III. DISCUSSION

The Defendants first contend that Birge's action was not successful as to her claims against Midland and her state law claim and, therefore, her attorneys are not entitled to compensation for the time spent on those claims. The Defendants claim Birge has abandoned her NCPA claim and described her FDCPA against Midland as "frivolous" and "unsuccessful." Filing No. 50, at 8. The settlement releases all parties from litigation under the FDCPA and state law claims, but Midland will not contribute to Birge's award. Filing No. 40-2, at 4, 5-6, 11-12. However, the Court will not speculate as to the merits of each claim which this settlement forecloses in order to contrive a reduction of Birge's legal fees. The Court finds Birge's attorneys are entitled to attorneys' fees for successful litigation as the prevailing party.

Next, the Defendants claim that Birge's legal team charged duplicative time and for clerical tasks. The Court reviewed counsel's filings relative to this motion. There are examples of unnecessary multiple billings and clerical work by attorneys. Filing No. 51-3, at 1.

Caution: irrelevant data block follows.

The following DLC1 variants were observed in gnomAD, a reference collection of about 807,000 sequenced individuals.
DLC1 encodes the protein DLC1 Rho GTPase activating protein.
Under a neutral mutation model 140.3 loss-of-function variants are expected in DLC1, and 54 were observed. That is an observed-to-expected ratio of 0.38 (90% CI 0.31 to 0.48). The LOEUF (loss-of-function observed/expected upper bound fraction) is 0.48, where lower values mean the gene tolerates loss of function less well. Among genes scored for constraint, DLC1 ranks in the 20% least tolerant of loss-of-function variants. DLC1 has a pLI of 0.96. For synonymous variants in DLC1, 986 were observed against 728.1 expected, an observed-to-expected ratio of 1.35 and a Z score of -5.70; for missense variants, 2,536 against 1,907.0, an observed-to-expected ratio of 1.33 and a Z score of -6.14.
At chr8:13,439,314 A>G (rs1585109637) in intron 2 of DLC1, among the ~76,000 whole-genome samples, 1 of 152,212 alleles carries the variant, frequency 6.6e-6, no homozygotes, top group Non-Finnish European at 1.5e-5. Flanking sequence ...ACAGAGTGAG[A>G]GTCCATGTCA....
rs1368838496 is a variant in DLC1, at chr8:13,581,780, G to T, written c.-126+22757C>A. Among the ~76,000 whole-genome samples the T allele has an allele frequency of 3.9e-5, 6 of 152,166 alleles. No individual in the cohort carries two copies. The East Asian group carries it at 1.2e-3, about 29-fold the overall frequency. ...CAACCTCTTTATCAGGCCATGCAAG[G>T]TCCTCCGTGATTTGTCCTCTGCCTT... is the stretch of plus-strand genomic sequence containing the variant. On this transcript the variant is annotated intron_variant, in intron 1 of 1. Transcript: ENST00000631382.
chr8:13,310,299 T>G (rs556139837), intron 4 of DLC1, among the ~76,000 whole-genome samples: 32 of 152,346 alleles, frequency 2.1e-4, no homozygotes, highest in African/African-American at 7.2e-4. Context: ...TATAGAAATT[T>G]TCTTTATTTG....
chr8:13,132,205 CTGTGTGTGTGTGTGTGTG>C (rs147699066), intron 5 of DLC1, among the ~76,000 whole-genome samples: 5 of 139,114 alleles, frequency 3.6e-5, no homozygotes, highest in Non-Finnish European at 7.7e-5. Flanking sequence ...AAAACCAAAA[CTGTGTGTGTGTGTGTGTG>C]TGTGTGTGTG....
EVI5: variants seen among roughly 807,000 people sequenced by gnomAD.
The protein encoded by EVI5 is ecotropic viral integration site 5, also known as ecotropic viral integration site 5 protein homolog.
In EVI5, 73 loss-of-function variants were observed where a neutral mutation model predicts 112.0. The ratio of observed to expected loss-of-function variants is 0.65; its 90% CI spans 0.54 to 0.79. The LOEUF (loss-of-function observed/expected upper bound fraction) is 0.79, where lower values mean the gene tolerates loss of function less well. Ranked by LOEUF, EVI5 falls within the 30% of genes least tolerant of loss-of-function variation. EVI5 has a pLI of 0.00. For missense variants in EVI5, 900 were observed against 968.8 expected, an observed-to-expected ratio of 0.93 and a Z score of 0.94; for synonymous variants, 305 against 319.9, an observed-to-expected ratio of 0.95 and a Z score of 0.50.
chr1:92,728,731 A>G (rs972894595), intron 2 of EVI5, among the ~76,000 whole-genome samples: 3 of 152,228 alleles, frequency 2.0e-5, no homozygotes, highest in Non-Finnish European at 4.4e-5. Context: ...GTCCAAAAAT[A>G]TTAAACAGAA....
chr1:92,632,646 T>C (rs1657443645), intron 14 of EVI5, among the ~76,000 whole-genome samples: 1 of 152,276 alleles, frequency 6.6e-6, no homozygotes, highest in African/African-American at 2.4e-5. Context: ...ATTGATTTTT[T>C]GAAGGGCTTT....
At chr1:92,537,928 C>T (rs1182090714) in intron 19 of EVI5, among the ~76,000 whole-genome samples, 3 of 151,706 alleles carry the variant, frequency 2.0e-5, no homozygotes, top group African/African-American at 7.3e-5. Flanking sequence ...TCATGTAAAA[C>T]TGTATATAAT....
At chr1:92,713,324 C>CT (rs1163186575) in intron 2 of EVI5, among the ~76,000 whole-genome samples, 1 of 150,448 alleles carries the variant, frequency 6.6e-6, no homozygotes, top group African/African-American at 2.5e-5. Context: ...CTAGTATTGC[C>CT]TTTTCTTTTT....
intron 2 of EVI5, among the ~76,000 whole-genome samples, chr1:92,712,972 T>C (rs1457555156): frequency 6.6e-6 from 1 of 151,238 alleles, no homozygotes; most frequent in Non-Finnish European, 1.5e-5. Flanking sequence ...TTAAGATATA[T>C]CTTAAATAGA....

While case review and consultation between multiple attorneys are not per se unreasonable, the Court's review of the fee schedule reveals some duplicative and administrative entries. The duplicative billings will result in the following reductions in time. Bragg's time will be reduced by 3.6 hours; Car's time will be reduced by 0.5 hour; Reinbrecht's time will be reduced by 1 hour.

In calculating attorneys' fees, "purely clerical or secretarial tasks should not be billed at a paralegal rate, regardless of who performs them." Missouri v. Jenkins by Agyei, 491 U.S. 274, 288 (1989). The clerical billings[3] will result in the following reductions in time. Bragg's time will be reduced by 2.4 hours; Car's time will be reduced by 3.3 hours; Reinbrecht's time will be reduced by 2.5 hours. In sum, Birge's legal team is entitled to the following reasonable hours of work: